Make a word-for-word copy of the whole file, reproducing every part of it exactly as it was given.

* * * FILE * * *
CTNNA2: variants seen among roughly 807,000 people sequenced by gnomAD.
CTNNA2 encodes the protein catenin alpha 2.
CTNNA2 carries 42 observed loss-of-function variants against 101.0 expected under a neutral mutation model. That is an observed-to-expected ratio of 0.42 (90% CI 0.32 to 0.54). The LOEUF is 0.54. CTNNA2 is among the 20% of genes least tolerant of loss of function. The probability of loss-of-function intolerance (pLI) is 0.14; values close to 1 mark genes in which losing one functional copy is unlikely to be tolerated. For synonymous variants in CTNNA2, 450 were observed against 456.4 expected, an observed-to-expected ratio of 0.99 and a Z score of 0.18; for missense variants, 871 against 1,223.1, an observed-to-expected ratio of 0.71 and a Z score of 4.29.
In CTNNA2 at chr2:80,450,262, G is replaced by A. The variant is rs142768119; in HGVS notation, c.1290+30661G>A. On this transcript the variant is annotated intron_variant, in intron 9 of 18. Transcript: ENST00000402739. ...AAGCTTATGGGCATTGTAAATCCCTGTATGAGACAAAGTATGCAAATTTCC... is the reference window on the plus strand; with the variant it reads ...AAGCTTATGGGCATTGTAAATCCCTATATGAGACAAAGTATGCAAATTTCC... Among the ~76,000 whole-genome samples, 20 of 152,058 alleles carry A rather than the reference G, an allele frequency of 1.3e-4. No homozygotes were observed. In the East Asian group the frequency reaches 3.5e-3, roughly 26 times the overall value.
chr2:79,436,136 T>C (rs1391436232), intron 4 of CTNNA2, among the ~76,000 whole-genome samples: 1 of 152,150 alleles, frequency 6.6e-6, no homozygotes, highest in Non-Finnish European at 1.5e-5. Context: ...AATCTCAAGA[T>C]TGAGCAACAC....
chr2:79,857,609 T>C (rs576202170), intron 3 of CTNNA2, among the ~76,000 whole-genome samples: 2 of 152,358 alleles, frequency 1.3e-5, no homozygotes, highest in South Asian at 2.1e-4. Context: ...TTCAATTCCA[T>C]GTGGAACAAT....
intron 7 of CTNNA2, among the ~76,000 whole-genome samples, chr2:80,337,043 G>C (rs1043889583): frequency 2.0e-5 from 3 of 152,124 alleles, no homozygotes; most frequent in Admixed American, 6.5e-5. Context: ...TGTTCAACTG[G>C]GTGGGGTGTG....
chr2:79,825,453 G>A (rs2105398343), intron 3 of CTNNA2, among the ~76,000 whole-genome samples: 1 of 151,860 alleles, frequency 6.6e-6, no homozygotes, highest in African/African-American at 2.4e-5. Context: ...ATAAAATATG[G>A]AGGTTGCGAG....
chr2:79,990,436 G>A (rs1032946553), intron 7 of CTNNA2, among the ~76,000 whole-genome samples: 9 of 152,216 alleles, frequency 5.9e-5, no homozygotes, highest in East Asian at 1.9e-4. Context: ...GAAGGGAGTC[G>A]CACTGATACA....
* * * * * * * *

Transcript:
CTNNA2: variants seen among roughly 807,000 people sequenced by gnomAD.
CTNNA2 encodes the protein catenin alpha 2.
CTNNA2 carries 42 observed loss-of-function variants against 101.0 expected under a neutral mutation model. That is an observed-to-expected ratio of 0.42 (90% CI 0.32 to 0.54). The LOEUF is 0.54. CTNNA2 is among the 20% of genes least tolerant of loss of function. The probability of loss-of-function intolerance (pLI) is 0.14; values close to 1 mark genes in which losing one functional copy is unlikely to be tolerated. For synonymous variants in CTNNA2, 450 were observed against 456.4 expected, an observed-to-expected ratio of 0.99 and a Z score of 0.18; for missense variants, 871 against 1,223.1, an observed-to-expected ratio of 0.71 and a Z score of 4.29.
In CTNNA2 at chr2:80,450,262, G is replaced by A. The variant is rs142768119; in HGVS notation, c.1290+30661G>A. On this transcript the variant is annotated intron_variant, in intron 9 of 18. Transcript: ENST00000402739. ...AAGCTTATGGGCATTGTAAATCCCTGTATGAGACAAAGTATGCAAATTTCC... is the reference window on the plus strand; with the variant it reads ...AAGCTTATGGGCATTGTAAATCCCTATATGAGACAAAGTATGCAAATTTCC... Among the ~76,000 whole-genome samples, 20 of 152,058 alleles carry A rather than the reference G, an allele frequency of 1.3e-4. No homozygotes were observed. In the East Asian group the frequency reaches 3.5e-3, roughly 26 times the overall value.
chr2:79,436,136 T>C (rs1391436232), intron 4 of CTNNA2, among the ~76,000 whole-genome samples: 1 of 152,150 alleles, frequency 6.6e-6, no homozygotes, highest in Non-Finnish European at 1.5e-5. Context: ...AATCTCAAGA[T>C]TGAGCAACAC....
chr2:79,857,609 T>C (rs576202170), intron 3 of CTNNA2, among the ~76,000 whole-genome samples: 2 of 152,358 alleles, frequency 1.3e-5, no homozygotes, highest in South Asian at 2.1e-4. Context: ...TTCAATTCCA[T>C]GTGGAACAAT....
intron 7 of CTNNA2, among the ~76,000 whole-genome samples, chr2:80,337,043 G>C (rs1043889583): frequency 2.0e-5 from 3 of 152,124 alleles, no homozygotes; most frequent in Admixed American, 6.5e-5. Context: ...TGTTCAACTG[G>C]GTGGGGTGTG....
chr2:79,825,453 G>A (rs2105398343), intron 3 of CTNNA2, among the ~76,000 whole-genome samples: 1 of 151,860 alleles, frequency 6.6e-6, no homozygotes, highest in African/African-American at 2.4e-5. Context: ...ATAAAATATG[G>A]AGGTTGCGAG....
chr2:79,990,436 G>A (rs1032946553), intron 7 of CTNNA2, among the ~76,000 whole-genome samples: 9 of 152,216 alleles, frequency 5.9e-5, no homozygotes, highest in East Asian at 1.9e-4. Context: ...GAAGGGAGTC[G>A]CACTGATACA....